Research In Motion Executives Fined C$9 Million
By Joe Schneider and Hugo Miller
Waterloo - Bloomberg - Research In Motion Ltd. executives James Balsillie, Mike Lazaridis and Dennis Kavelman must pay a combined C$9 million ($7.3 million) in fines and legal costs and repay the company an additional C$68 million to settle charges they benefited from improperly priced stock options.
The maker of the BlackBerry smart phone showed a “fundamental failure of governance” by backdating stock options, Ontario Securities Commission Vice Chairman James Turner said at a hearing in Toronto February 5, 2009. “This was not fraud, rather it was negligence.”
A three-member panel of Canada’s main securities regulator approved a settlement following a probe of stock options awarded over 10 years to the company’s top executives. The Waterloo, Ontario-based company backdated 1,400 options, setting a price lower than the issuance price to increase the value of the securities. The Toronto Stock Exchange prohibits this practice.
Balsillie, Lazaridis, and Kavelman agreed to pay C$44.8 million to the company for investigation costs, and will pay another C$38.3 million for the incorrectly priced options. Balsillie and Lazaridis, 47, have already paid back C$15 million, of the C$83 million ordered by the regulator.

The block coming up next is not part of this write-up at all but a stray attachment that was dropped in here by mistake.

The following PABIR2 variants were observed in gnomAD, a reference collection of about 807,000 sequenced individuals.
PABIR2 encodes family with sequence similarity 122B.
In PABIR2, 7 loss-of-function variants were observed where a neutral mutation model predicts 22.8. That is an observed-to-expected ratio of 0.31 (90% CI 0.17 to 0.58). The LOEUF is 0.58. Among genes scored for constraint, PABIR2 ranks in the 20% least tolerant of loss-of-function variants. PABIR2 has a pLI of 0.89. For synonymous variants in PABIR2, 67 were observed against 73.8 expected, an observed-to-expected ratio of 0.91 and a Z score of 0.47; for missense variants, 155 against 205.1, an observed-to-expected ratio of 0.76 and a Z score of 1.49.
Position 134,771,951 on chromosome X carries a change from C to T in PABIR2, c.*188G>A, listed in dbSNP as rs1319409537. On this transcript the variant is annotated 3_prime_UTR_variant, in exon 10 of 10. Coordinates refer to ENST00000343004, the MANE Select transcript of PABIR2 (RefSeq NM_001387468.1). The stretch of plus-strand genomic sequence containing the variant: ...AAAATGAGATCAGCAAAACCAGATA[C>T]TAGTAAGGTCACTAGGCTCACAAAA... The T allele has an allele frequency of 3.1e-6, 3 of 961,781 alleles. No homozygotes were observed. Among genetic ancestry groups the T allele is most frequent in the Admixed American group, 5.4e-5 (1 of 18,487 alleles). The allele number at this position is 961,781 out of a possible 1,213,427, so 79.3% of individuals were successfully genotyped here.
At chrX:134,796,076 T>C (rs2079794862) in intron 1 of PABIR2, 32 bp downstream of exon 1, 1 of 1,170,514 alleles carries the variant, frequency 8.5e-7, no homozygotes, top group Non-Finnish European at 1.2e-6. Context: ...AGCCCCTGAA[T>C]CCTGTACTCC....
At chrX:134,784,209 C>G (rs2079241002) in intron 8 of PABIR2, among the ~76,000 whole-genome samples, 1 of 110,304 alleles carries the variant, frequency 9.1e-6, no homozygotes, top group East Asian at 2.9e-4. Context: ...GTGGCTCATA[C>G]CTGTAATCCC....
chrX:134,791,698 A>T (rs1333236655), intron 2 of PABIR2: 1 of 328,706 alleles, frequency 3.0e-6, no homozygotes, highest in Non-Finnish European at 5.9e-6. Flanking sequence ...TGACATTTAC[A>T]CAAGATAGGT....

“We are very pleased to put this behind us and get back to work,” Balsillie, the 48-year-old co-chief executive officer, told reporters after the hearing. He declined to comment on the details of the settlement.
“We’ve made mistakes and we’ve done absolutely everything we think appropriate to get our governance practices where they are for the type of company we are,” he said.
Balsillie is not allowed to serve on any publicly traded company’s board for at least 12 months as part of the settlement. Kavelman, the chief operating officer, was barred from joining any board for five years.
Research In Motion rose 84 cents, or 1.2 percent, to C$69.94 at 4:10 p.m. in Toronto Stock Exchange trading. The stock has risen 41 percent this year.
“It sends the right message out,” Sasha Angus, a lawyer with the securities commission, told reporters after the briefing. “It was important to make the company whole.”
The commission is pursuing other cases of backdating options, Angus said, declining to name any companies.
Research In Motion and the executives involved have also proposed settlement offers to the U.S. Securities and Exchange Commission to resolve a separate investigation, the firm said in a Market Wire statement.